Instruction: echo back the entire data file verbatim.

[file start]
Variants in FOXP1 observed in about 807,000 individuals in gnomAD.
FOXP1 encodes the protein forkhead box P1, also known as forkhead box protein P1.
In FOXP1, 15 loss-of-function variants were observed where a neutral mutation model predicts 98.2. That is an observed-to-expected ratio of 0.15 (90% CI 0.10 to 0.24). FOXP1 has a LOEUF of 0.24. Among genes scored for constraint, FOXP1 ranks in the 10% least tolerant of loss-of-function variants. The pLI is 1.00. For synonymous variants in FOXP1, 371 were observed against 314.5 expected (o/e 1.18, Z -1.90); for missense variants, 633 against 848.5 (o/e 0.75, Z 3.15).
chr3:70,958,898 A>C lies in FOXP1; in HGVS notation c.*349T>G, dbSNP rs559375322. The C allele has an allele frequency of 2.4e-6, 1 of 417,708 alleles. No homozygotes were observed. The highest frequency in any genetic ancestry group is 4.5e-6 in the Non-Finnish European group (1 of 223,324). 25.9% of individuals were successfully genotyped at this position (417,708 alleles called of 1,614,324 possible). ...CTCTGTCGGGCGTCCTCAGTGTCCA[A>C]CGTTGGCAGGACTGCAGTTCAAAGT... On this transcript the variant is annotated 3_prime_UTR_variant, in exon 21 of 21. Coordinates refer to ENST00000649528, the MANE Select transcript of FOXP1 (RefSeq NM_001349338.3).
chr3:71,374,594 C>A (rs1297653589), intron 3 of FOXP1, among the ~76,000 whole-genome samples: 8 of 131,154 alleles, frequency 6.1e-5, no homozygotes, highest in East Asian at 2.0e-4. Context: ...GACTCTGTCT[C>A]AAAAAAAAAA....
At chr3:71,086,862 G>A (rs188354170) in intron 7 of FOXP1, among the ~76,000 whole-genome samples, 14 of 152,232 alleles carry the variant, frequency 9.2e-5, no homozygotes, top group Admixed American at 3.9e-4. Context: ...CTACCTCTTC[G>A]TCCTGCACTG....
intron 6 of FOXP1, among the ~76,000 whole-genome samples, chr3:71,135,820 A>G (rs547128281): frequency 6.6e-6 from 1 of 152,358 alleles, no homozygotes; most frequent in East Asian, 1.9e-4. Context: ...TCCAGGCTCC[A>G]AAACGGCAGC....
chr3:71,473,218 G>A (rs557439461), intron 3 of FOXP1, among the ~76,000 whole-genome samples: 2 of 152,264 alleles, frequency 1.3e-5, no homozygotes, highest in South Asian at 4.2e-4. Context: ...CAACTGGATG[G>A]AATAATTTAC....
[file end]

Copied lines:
Variants in FOXP1 observed in about 807,000 individuals in gnomAD.
FOXP1 encodes the protein forkhead box P1, also known as forkhead box protein P1.
In FOXP1, 15 loss-of-function variants were observed where a neutral mutation model predicts 98.2. That is an observed-to-expected ratio of 0.15 (90% CI 0.10 to 0.24). FOXP1 has a LOEUF of 0.24. Among genes scored for constraint, FOXP1 ranks in the 10% least tolerant of loss-of-function variants. The pLI is 1.00. For synonymous variants in FOXP1, 371 were observed against 314.5 expected (o/e 1.18, Z -1.90); for missense variants, 633 against 848.5 (o/e 0.75, Z 3.15).
chr3:70,958,898 A>C lies in FOXP1; in HGVS notation c.*349T>G, dbSNP rs559375322. The C allele has an allele frequency of 2.4e-6, 1 of 417,708 alleles. No homozygotes were observed. The highest frequency in any genetic ancestry group is 4.5e-6 in the Non-Finnish European group (1 of 223,324). 25.9% of individuals were successfully genotyped at this position (417,708 alleles called of 1,614,324 possible). ...CTCTGTCGGGCGTCCTCAGTGTCCA[A>C]CGTTGGCAGGACTGCAGTTCAAAGT... On this transcript the variant is annotated 3_prime_UTR_variant, in exon 21 of 21. Coordinates refer to ENST00000649528, the MANE Select transcript of FOXP1 (RefSeq NM_001349338.3).
chr3:71,374,594 C>A (rs1297653589), intron 3 of FOXP1, among the ~76,000 whole-genome samples: 8 of 131,154 alleles, frequency 6.1e-5, no homozygotes, highest in East Asian at 2.0e-4. Context: ...GACTCTGTCT[C>A]AAAAAAAAAA....
At chr3:71,086,862 G>A (rs188354170) in intron 7 of FOXP1, among the ~76,000 whole-genome samples, 14 of 152,232 alleles carry the variant, frequency 9.2e-5, no homozygotes, top group Admixed American at 3.9e-4. Context: ...CTACCTCTTC[G>A]TCCTGCACTG....
intron 6 of FOXP1, among the ~76,000 whole-genome samples, chr3:71,135,820 A>G (rs547128281): frequency 6.6e-6 from 1 of 152,358 alleles, no homozygotes; most frequent in East Asian, 1.9e-4. Context: ...TCCAGGCTCC[A>G]AAACGGCAGC....
chr3:71,473,218 G>A (rs557439461), intron 3 of FOXP1, among the ~76,000 whole-genome samples: 2 of 152,264 alleles, frequency 1.3e-5, no homozygotes, highest in South Asian at 4.2e-4. Context: ...CAACTGGATG[G>A]AATAATTTAC....